15 June 2005

Discover: June 2005 (II)



Next article up for discussion is about someone I'm much happier with: Roger
Penrose. (Although I don't agree with everything Sir Roger has to say: I
disagree with his quantum consciousness-microtubule theory).

Basically, Penrose is saying he has a testable alternative to both major
current interpretations of Quantum theory. These interprestations attempt to
explain why things in the macroscopic world don't exhibit quantum behavior.
The two major interpretations are the Copenhagen and the Many-Worlds.

Neither current interpretation is falsifiable or even testable, nor does
either have a theoretical explanatory basis. Not usually good signs, but
both have held out for a while.

Penrose says both are wrong, and that an "interpretation" is not what is
required, but an actual physical effect. In other words, macro objects
don't exhibit quantum effects because of some as yet undiscovered physical
law.

Three interesting things about his hypothesis:

1 the quantum collapse is theorized to be due to gravity - for which there
is as yet no quantum theory for anyway

2 the theory is testable and falsifiable - doesn't rely on tautologies and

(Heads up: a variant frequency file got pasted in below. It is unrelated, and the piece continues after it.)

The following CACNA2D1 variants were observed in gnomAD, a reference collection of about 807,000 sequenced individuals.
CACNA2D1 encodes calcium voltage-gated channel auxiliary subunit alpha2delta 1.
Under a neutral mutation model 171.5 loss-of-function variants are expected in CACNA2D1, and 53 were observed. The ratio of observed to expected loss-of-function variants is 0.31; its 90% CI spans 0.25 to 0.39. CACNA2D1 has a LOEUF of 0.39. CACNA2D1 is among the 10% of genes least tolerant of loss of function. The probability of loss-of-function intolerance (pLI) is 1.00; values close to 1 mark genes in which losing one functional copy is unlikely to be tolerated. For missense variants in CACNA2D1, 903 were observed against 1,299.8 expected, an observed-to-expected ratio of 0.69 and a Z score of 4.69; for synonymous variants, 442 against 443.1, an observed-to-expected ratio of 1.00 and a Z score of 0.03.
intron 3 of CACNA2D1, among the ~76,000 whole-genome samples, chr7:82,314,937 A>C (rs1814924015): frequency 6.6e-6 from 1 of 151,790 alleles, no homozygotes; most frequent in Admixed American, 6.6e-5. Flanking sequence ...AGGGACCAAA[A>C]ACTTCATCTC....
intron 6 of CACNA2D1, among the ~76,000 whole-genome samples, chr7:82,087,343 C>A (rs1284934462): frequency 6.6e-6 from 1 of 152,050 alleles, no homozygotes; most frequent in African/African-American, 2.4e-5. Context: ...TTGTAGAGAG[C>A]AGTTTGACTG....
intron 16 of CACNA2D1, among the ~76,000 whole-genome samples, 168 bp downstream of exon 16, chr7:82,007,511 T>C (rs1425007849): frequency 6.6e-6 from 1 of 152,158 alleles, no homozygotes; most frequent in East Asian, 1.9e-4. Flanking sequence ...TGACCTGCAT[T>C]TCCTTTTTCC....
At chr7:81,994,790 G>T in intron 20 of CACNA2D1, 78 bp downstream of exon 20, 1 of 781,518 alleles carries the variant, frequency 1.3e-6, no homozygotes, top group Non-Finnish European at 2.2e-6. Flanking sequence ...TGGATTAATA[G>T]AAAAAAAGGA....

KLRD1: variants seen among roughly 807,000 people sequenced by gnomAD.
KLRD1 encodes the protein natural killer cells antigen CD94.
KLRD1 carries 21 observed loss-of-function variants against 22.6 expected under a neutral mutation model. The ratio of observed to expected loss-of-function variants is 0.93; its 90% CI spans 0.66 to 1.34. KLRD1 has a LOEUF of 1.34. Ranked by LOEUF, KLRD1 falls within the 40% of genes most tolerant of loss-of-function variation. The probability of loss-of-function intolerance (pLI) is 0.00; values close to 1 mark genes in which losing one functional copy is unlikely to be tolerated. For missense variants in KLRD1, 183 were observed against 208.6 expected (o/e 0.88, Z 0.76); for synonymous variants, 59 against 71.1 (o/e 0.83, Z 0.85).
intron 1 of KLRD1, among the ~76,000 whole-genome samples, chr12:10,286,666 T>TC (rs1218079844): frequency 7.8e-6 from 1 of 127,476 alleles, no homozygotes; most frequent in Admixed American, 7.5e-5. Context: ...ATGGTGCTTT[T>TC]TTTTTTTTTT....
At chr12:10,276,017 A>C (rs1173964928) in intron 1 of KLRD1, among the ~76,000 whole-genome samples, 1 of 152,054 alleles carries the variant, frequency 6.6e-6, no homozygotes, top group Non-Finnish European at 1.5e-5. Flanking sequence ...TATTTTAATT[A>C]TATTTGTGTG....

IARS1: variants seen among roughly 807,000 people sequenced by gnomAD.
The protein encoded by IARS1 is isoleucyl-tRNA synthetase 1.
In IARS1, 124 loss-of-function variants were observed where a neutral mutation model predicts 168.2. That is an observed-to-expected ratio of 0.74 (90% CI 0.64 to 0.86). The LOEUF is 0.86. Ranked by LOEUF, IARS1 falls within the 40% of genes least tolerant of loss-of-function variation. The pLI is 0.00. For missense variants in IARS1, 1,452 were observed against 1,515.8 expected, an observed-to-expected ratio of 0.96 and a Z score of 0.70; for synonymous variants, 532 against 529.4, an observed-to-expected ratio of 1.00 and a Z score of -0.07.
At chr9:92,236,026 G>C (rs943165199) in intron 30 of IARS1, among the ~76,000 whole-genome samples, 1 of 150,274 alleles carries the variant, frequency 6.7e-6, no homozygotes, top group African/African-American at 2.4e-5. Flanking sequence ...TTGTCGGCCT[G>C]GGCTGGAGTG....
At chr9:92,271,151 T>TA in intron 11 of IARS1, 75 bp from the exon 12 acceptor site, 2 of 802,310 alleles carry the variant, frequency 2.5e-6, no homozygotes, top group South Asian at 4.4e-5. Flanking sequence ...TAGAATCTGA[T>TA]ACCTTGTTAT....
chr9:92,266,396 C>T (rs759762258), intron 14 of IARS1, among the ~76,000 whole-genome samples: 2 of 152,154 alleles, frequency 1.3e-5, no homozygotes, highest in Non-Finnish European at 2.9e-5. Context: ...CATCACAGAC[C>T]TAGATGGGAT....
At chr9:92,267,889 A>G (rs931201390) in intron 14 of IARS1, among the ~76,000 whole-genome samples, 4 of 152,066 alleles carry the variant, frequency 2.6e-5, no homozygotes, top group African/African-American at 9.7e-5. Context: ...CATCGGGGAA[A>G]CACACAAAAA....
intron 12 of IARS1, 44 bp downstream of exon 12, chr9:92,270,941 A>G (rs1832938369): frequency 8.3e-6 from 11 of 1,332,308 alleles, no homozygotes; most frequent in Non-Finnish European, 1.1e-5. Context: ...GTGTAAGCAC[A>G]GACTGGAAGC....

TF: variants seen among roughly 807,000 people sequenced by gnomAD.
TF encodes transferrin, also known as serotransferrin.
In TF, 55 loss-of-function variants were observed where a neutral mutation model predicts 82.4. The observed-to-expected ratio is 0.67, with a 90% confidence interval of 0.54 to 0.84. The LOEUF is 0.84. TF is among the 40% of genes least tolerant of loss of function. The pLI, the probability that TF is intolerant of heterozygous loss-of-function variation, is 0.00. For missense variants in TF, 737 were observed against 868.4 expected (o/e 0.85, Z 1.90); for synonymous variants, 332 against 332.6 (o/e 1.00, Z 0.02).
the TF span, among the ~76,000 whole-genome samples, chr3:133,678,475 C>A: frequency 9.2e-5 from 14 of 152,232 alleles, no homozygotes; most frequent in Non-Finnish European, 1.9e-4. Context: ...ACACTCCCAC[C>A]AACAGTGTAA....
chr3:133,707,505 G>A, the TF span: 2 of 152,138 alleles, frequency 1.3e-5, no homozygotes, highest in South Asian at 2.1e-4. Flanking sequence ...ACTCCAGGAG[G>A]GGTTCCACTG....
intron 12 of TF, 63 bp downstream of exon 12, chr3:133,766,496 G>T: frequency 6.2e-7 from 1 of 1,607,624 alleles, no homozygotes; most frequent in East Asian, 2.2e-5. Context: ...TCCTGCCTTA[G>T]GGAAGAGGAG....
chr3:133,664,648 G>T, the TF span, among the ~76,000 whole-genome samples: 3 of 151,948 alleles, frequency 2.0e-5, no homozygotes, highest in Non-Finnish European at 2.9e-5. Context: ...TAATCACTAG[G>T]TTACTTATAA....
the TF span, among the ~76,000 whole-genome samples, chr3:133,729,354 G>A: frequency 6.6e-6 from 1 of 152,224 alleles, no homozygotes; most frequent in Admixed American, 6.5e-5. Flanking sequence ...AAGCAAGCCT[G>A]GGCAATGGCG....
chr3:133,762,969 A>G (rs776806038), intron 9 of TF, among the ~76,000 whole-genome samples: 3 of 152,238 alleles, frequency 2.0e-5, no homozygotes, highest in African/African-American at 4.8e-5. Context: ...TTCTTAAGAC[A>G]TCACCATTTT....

consciousness

3 the theory and the test focus on the behavior of objects which are of a
size that just straddles the quantum scale and the macro scale - a scale
which has been ignored by quantum physicists and cosmologists alike

This one seems promising. Humans are too big and massive to exhibit quantum
effects. That's why I'm not a blur of eigenvalues but rather a person who
you can see. Atomic and smaller particles are to small NOT to exhibit
quantum effects. But what about sizes in between - giant molecules, dust
motes, etc.? How do they behave? In Penrose's theory, it depends on how
massive they are. How much gravity they generate determines how fast their
quantum waveforms collapse.

-Brain in a Jar

--Sent from my Blackberry wireless handheld.